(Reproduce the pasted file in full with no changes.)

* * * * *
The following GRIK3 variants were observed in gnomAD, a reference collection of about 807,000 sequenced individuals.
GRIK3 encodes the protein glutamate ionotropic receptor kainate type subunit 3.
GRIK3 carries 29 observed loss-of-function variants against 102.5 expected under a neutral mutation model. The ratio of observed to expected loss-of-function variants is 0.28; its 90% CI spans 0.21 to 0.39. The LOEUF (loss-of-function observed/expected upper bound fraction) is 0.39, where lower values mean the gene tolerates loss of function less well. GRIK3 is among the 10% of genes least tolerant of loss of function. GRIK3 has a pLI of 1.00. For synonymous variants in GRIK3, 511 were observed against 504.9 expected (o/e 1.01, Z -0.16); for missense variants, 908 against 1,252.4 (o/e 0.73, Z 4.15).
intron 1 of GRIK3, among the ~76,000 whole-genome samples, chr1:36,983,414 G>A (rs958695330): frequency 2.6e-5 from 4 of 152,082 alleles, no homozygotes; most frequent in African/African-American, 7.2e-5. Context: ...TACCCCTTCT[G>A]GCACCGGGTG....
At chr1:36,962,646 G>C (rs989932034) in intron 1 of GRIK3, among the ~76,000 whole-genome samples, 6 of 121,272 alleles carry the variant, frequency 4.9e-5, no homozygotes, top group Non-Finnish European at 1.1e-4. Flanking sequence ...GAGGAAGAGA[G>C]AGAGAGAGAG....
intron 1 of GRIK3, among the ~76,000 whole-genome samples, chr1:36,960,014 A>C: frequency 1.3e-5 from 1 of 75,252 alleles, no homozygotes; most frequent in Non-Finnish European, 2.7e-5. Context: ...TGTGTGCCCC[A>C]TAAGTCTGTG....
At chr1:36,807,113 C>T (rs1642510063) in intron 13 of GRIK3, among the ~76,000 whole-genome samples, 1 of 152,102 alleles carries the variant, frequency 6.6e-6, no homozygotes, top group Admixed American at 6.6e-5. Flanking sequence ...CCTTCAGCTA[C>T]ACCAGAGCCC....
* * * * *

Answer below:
The following GRIK3 variants were observed in gnomAD, a reference collection of about 807,000 sequenced individuals.
GRIK3 encodes the protein glutamate ionotropic receptor kainate type subunit 3.
GRIK3 carries 29 observed loss-of-function variants against 102.5 expected under a neutral mutation model. The ratio of observed to expected loss-of-function variants is 0.28; its 90% CI spans 0.21 to 0.39. The LOEUF (loss-of-function observed/expected upper bound fraction) is 0.39, where lower values mean the gene tolerates loss of function less well. GRIK3 is among the 10% of genes least tolerant of loss of function. GRIK3 has a pLI of 1.00. For synonymous variants in GRIK3, 511 were observed against 504.9 expected (o/e 1.01, Z -0.16); for missense variants, 908 against 1,252.4 (o/e 0.73, Z 4.15).
intron 1 of GRIK3, among the ~76,000 whole-genome samples, chr1:36,983,414 G>A (rs958695330): frequency 2.6e-5 from 4 of 152,082 alleles, no homozygotes; most frequent in African/African-American, 7.2e-5. Context: ...TACCCCTTCT[G>A]GCACCGGGTG....
At chr1:36,962,646 G>C (rs989932034) in intron 1 of GRIK3, among the ~76,000 whole-genome samples, 6 of 121,272 alleles carry the variant, frequency 4.9e-5, no homozygotes, top group Non-Finnish European at 1.1e-4. Flanking sequence ...GAGGAAGAGA[G>C]AGAGAGAGAG....
intron 1 of GRIK3, among the ~76,000 whole-genome samples, chr1:36,960,014 A>C: frequency 1.3e-5 from 1 of 75,252 alleles, no homozygotes; most frequent in Non-Finnish European, 2.7e-5. Context: ...TGTGTGCCCC[A>C]TAAGTCTGTG....
At chr1:36,807,113 C>T (rs1642510063) in intron 13 of GRIK3, among the ~76,000 whole-genome samples, 1 of 152,102 alleles carries the variant, frequency 6.6e-6, no homozygotes, top group Admixed American at 6.6e-5. Flanking sequence ...CCTTCAGCTA[C>T]ACCAGAGCCC....